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Sama in the Forest 2023


Distributed by Documentary Educational Resources, 108 Water Street, 5A, Watertown, MA 02472; 617-926-0491
Produced by Coralynn V. Davis
Directed by Carlos Gómez
Streaming, 75 mins

Middle School - General Adult
Storytelling; Women’s Rights

Date Entered: 05/08/2024

Reviewed by Kimberly Poppiti, St. Joseph's University, Patchogue, NY

Sama in the Forest focuses on the titular Indian story, and a related form of painting. The filmmakers also explore traditional and evolving family and gender norms within the culture of Madhubani, located in the state of Bihar, India, in which the film is set. This is a collaboratively created film grounded in the research of two women M.S. Suman (a writer) and Coralynn V. Davis (a professor and anthropologist). In creating this film, Suman and Davis worked with a community-based, collaborative filmmaker, Carlos C. Gómez, to document their experiences working with female storytellers, specifically those who have studied a traditional style of Indian storytelling through painting at Mithila Art Institute.

This film uses a traditional regional story, Sama in the Forest, to present an allegory for the lives of the region’s women, as well as to illustrate how the story can be told in performance and also through a series of paintings. Throughout the film, Gomez juxtaposes excerpts from interviews with community members, with footage from both an outdoor production of Sama in the Forest and a related “Sama Chakeva” festival, as well as with examples of the traditional artform of painting out this story as it is done by members of the community. Viewers can gain an understanding of the titular story and the painting style, as well as the basic elements of the Sama Chakeva festival, which is a nighttime event for women and children, in which clay figurines are created and used to enact Sama’s story.

Throughout the film, the storied experiences of the fictional Sama, a young woman and daughter of Lord Krishna, who is cursed by her father for venturing into the forest alone and befriending a man there, are paralleled with present-day experiences of the female members of the community who, like Sama, find their opportunities and freedom limited by the men in their lives.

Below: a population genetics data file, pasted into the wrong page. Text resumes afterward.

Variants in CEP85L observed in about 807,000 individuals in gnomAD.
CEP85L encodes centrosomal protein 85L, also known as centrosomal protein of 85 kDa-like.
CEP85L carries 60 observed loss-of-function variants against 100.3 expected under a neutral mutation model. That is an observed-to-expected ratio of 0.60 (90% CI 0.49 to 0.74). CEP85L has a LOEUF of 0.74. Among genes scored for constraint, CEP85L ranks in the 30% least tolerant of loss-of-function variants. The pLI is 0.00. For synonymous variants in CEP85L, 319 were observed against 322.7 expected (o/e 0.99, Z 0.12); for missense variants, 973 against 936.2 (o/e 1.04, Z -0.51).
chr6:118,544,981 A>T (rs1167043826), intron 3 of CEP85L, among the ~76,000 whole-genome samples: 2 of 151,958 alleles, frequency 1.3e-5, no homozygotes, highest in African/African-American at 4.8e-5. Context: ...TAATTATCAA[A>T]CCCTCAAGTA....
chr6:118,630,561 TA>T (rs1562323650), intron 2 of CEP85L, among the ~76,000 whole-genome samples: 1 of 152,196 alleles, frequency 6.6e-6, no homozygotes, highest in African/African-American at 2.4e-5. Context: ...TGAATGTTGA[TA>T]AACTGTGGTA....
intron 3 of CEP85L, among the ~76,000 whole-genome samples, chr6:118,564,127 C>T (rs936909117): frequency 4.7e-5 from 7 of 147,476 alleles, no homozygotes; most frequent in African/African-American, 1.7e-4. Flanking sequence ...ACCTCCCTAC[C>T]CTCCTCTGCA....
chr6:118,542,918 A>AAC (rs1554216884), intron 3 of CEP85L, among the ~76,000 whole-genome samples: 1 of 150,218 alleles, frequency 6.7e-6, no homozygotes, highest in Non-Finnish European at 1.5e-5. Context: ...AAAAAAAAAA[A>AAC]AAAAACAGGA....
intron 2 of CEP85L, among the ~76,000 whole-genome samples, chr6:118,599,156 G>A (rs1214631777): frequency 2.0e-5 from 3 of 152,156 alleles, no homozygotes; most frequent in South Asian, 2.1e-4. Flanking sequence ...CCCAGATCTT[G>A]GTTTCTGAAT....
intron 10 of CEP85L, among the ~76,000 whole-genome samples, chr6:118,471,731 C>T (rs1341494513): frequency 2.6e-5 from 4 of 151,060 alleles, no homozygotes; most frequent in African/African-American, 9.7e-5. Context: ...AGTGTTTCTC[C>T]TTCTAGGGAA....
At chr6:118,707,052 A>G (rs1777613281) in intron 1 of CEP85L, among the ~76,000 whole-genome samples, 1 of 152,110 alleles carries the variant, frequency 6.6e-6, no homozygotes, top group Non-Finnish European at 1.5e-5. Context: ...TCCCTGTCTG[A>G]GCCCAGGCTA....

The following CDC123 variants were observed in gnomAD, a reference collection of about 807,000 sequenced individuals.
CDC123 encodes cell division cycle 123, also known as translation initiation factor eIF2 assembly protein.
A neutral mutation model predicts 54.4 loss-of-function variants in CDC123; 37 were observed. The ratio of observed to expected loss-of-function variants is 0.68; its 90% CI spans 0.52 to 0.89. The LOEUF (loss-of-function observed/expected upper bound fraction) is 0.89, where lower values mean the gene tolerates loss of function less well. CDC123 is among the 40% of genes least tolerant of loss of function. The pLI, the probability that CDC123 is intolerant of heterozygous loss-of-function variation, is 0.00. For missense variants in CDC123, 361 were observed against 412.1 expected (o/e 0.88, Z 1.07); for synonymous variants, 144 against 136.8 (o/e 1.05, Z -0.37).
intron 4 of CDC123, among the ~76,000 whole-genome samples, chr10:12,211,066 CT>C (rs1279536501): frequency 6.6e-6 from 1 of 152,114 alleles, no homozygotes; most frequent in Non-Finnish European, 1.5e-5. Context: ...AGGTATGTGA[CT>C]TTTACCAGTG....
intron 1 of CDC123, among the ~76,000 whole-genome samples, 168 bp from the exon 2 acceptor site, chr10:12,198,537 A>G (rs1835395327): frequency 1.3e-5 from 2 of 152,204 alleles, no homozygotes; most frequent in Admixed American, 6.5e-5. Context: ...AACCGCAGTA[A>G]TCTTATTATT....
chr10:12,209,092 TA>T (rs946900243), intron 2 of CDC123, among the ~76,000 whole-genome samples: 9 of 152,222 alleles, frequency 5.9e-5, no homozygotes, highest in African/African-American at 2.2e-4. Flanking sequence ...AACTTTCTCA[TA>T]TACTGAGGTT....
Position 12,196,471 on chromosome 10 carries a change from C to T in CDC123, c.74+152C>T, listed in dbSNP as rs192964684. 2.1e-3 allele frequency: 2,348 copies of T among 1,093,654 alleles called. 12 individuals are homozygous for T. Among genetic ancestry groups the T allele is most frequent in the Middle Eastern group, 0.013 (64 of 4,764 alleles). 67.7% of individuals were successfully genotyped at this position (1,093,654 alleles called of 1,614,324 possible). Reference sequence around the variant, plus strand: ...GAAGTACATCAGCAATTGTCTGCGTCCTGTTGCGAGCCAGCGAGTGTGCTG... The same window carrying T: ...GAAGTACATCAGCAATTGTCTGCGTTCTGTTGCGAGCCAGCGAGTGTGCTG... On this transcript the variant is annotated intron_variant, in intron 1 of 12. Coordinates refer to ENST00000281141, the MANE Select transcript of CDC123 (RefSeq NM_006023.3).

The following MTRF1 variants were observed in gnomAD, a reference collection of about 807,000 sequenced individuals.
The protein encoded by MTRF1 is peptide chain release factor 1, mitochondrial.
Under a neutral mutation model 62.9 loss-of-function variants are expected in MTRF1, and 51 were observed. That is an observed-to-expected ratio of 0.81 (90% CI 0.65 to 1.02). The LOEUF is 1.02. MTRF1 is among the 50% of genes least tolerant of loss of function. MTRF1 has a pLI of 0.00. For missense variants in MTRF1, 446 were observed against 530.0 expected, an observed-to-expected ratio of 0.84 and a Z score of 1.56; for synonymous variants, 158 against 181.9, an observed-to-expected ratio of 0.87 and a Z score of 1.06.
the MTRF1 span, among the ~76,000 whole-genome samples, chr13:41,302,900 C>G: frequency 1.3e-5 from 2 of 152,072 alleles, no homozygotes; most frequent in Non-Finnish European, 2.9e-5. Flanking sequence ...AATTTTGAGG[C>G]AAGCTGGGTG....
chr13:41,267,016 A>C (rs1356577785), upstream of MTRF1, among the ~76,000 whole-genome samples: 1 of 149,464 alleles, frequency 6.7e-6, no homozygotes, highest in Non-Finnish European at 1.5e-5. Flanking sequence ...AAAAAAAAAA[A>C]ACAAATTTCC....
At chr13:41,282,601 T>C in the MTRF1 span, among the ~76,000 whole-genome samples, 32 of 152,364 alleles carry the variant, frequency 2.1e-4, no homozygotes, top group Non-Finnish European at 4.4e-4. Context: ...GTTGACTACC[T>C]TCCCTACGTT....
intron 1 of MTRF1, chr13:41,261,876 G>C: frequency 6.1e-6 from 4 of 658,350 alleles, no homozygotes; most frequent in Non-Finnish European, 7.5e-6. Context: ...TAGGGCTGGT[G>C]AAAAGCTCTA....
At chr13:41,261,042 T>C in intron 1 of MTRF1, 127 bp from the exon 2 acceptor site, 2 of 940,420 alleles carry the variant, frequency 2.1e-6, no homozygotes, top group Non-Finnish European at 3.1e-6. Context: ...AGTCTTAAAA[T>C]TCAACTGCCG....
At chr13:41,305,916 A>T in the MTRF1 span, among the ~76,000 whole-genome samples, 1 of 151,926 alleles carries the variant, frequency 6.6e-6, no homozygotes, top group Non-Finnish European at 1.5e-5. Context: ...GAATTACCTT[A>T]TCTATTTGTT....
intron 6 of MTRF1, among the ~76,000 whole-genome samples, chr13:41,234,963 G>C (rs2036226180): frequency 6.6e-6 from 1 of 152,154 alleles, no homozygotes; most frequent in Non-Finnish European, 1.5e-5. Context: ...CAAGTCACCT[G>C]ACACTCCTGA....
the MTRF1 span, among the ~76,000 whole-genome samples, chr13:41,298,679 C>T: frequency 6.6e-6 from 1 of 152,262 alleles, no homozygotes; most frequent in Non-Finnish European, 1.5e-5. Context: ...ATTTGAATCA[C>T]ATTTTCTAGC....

As the film progresses, a correlation emerges between the oppression and abuse suffered by Sama in the story, and the treatment endured by many women in the present-day, including some of those featured in the film. Likewise, a connection also emerges between attendance at the Art Institute and increased self-confidence and autonomy among the women featured. These connections are commented on by male and female voices in the film, with the tension created by shifting ideas about the roles and rights of women palpably expressed. Toward the film’s conclusion, the sentiments of the male interviewees are juxtaposed with the ending of the story of Sama, and also with recent examples of women being cast out of their families, or even poisoned or hanged for perceived transgressions. Toward the film’s conclusion, it is noted that, while the women featured in the film are painting and also enacting the story of Sama in the Forest, the practice of storytelling in general is losing traction in the face of growing access to technology. Without the generational passing on of stories such as that of Sama in the Forest, not only are the stories and the artistic ways of telling them lost, but so are important accompanying life lessons.

Sama in the Forest documents a specific life experience of women living in a particular region of India, while also depicting the region’s unique forms of storytelling. It also explores gender roles and family relations, both historically and in the present day. There are brief accounts of violence against women, but no protracted or graphic violent or sexual content. In this way, the film is suitable for viewers of middle school age and up. It does, however, progress at a relatively slow pace and requires thoughtful viewing to connect the multiple interwoven elements to understand the sometimes-subtle presentation of themes and lessons. This film is worthwhile viewing, but due to its episodic structure and numerous featured characters and story elements, may be challenging for some viewers to track with. It is likely to be of greatest interest to those in the fields of Storytelling and Women’s Rights.

Society for Visual Anthropology Film and Media Festival "Best Feature Film" 2023

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